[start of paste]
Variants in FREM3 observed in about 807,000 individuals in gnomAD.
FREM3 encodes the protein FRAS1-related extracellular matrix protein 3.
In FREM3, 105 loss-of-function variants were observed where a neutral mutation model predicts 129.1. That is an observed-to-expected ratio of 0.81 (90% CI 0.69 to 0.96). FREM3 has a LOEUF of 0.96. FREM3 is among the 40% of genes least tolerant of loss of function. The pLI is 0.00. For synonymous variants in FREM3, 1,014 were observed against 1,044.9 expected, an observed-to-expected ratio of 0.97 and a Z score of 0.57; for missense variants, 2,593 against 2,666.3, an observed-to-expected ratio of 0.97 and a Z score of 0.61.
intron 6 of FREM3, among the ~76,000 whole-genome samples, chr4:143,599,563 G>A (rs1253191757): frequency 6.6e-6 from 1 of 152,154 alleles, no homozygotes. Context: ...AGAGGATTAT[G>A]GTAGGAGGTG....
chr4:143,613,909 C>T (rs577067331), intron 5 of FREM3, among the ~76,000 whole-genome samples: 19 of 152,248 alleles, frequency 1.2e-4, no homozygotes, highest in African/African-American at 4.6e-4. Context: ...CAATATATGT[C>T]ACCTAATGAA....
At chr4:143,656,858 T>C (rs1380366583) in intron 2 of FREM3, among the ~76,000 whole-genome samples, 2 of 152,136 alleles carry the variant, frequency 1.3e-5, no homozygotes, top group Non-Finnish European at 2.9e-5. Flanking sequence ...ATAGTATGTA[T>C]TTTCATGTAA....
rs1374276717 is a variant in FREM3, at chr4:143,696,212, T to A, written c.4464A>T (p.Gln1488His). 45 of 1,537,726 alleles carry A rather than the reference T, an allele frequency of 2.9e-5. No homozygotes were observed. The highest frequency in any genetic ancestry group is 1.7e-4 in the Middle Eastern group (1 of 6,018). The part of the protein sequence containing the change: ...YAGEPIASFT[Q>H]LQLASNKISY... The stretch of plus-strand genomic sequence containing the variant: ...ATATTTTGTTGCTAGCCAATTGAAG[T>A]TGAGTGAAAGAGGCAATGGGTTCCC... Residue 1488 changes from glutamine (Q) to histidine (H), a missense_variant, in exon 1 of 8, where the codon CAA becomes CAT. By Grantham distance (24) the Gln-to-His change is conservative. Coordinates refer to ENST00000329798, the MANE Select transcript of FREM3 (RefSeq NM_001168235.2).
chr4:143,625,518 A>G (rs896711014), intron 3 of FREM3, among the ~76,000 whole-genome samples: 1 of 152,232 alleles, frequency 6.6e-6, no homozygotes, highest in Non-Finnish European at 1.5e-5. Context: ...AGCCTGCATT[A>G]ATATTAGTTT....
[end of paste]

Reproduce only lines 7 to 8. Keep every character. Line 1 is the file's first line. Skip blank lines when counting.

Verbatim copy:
rs1374276717 is a variant in FREM3, at chr4:143,696,212, T to A, written c.4464A>T (p.Gln1488His). 45 of 1,537,726 alleles carry A rather than the reference T, an allele frequency of 2.9e-5. No homozygotes were observed. The highest frequency in any genetic ancestry group is 1.7e-4 in the Middle Eastern group (1 of 6,018). The part of the protein sequence containing the change: ...YAGEPIASFT[Q>H]LQLASNKISY... The stretch of plus-strand genomic sequence containing the variant: ...ATATTTTGTTGCTAGCCAATTGAAG[T>A]TGAGTGAAAGAGGCAATGGGTTCCC... Residue 1488 changes from glutamine (Q) to histidine (H), a missense_variant, in exon 1 of 8, where the codon CAA becomes CAT. By Grantham distance (24) the Gln-to-His change is conservative. Coordinates refer to ENST00000329798, the MANE Select transcript of FREM3 (RefSeq NM_001168235.2).
chr4:143,625,518 A>G (rs896711014), intron 3 of FREM3, among the ~76,000 whole-genome samples: 1 of 152,232 alleles, frequency 6.6e-6, no homozygotes, highest in Non-Finnish European at 1.5e-5. Context: ...AGCCTGCATT[A>G]ATATTAGTTT....